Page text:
Factors associated with insecticide-treated net usage among women of childbearing age in Malawi: A multilevel analysis

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Abstract

Background: This study aimed to identify factors at individual and community level influencing insecticide-treated net (ITN) usage among groups of women of childbearing age (WOCBA) in Malawi. Methods: Factors influencing ITN usage in Malawi were assessed through interviews with 16,130 WOCBA (15-49 years) across 850 communities who participated in the 2015-2016 Malawi Demographic Health Survey. Multilevel logistic regression analysis was used. Results: ITN use was similar between pregnant women and non-pregnant women with children under 5 years (45.9% and 46.9%, respectively), but slightly lower among non-pregnant women without children under 5 years (39.1%). Both individual and community characteristics were associated with ITN use among WOCBA and varied significantly across subgroups. Specifically, non-pregnant women with children under 5 years living in communities where women had high autonomy in health care decisions had an 18% greater odds of using an ITN compared with those from communities where women had low health care autonomy (adjusted odds ratio [aOR] = 1.18; 95% confidence interval [CI] 1.00-1.38). Distance to health care facility influenced ITN usage among pregnant women; those who did not regard distance as a problem had a 44% greater odds of using an ITN than those for whom distance was seen as a problem (aOR = 1.44; 95% CI 1.09-1.89). Number of household members, region, urbanization, and community ITN coverage influenced ITN usage across all WOCBA groups. Conclusion: The findings confirmed the importance of assessing various factors affecting ITN usage among groups of WOCBA. Both individual- and community-level factors should be considered when designing and implementing ITN programmes in Malawi.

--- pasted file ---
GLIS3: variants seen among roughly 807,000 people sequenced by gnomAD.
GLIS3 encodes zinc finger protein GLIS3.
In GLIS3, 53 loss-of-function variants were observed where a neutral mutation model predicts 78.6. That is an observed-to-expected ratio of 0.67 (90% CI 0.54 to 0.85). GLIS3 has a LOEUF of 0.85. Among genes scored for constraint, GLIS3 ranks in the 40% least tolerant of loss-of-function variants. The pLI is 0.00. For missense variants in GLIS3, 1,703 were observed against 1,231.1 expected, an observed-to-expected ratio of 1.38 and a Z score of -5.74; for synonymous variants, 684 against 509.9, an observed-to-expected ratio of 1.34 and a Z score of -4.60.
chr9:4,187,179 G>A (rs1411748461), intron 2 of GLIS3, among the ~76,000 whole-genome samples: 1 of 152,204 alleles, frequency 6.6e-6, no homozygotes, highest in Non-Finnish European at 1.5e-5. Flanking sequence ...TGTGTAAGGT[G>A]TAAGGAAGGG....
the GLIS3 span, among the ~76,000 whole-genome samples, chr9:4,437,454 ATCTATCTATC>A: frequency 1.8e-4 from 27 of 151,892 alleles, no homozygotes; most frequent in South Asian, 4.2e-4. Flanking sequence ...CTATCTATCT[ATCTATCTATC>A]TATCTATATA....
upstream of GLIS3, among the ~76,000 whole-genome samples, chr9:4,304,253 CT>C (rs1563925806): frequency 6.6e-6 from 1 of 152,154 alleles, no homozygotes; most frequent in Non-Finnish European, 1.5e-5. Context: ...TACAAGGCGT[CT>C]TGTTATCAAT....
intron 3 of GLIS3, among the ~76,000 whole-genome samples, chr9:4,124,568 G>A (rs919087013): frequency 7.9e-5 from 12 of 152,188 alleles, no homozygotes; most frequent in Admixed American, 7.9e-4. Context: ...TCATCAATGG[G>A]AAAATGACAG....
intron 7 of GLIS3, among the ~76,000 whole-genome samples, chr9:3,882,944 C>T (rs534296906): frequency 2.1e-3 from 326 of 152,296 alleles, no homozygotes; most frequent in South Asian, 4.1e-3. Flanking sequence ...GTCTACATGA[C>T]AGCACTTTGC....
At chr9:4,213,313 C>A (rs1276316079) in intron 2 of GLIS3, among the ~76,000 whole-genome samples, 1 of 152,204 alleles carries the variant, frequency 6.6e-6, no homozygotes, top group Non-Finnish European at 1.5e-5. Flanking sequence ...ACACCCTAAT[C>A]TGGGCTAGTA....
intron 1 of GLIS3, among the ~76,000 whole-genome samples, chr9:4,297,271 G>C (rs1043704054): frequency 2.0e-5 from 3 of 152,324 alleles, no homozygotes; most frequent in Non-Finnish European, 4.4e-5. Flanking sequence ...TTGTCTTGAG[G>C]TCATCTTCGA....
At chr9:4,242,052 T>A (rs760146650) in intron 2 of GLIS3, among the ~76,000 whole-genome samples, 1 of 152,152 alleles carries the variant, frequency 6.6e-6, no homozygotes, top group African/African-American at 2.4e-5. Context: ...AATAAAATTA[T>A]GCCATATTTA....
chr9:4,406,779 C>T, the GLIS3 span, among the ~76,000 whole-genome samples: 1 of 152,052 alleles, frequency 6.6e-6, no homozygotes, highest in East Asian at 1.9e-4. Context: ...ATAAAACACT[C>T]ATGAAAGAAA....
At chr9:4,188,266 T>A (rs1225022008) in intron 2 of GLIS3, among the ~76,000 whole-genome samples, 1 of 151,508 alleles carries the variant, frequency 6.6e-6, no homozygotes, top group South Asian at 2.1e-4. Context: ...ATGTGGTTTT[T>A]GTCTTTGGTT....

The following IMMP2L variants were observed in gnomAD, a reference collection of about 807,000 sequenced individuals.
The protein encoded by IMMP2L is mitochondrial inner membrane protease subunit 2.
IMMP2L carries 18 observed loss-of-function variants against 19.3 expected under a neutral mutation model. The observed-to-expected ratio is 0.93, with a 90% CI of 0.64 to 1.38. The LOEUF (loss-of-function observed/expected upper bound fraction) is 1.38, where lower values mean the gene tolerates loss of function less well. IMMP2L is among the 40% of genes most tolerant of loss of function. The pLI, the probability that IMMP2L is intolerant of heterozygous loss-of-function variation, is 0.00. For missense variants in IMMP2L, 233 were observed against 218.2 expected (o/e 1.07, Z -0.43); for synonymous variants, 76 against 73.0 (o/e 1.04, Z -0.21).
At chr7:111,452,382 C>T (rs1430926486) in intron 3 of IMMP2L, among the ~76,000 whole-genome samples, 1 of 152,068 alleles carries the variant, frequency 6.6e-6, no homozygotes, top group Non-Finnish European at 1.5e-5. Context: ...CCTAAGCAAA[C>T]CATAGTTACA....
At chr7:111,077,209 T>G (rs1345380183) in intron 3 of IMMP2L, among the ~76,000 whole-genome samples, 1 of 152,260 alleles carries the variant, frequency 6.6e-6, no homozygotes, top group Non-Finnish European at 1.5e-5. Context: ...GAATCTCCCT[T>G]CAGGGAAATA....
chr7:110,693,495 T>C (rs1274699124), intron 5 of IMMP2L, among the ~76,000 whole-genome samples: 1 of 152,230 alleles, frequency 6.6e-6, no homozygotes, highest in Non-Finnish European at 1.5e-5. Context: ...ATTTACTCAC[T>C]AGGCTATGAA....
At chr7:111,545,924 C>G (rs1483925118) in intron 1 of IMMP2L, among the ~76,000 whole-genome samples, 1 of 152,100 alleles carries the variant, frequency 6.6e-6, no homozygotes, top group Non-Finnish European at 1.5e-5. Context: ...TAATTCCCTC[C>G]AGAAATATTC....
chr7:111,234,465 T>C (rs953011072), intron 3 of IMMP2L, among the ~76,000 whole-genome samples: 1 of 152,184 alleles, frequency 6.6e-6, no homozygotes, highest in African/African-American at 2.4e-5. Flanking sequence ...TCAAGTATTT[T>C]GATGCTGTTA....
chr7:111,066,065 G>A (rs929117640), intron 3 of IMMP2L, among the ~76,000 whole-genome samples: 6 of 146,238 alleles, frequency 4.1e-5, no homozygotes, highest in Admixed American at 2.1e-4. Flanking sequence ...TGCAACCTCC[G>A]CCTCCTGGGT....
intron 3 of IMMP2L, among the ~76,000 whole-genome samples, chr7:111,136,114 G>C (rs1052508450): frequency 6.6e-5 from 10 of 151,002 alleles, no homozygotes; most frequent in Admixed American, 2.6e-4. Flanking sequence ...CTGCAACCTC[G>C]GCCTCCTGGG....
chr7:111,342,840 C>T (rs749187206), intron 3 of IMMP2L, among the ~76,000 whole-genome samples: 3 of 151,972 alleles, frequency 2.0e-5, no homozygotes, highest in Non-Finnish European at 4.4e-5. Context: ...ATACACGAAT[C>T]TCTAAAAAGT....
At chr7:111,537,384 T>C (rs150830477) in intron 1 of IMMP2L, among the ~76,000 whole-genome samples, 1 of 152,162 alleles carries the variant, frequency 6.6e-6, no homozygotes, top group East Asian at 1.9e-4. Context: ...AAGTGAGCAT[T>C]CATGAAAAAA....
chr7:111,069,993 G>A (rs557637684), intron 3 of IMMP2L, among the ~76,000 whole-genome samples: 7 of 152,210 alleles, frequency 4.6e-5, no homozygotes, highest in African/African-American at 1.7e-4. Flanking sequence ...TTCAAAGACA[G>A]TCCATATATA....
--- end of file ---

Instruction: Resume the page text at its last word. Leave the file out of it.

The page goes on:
Original languageEnglish
Article number372
JournalMalaria Journal
Volume17
Issue number1
DOIs
Publication statusPublished - Oct 19 2018

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Keywords

  • Insecticide-treated nets
  • Malaria
  • Malawi
  • Multilevel
  • Women of childbearing age

ASJC Scopus subject areas

  • Parasitology
  • Infectious Diseases

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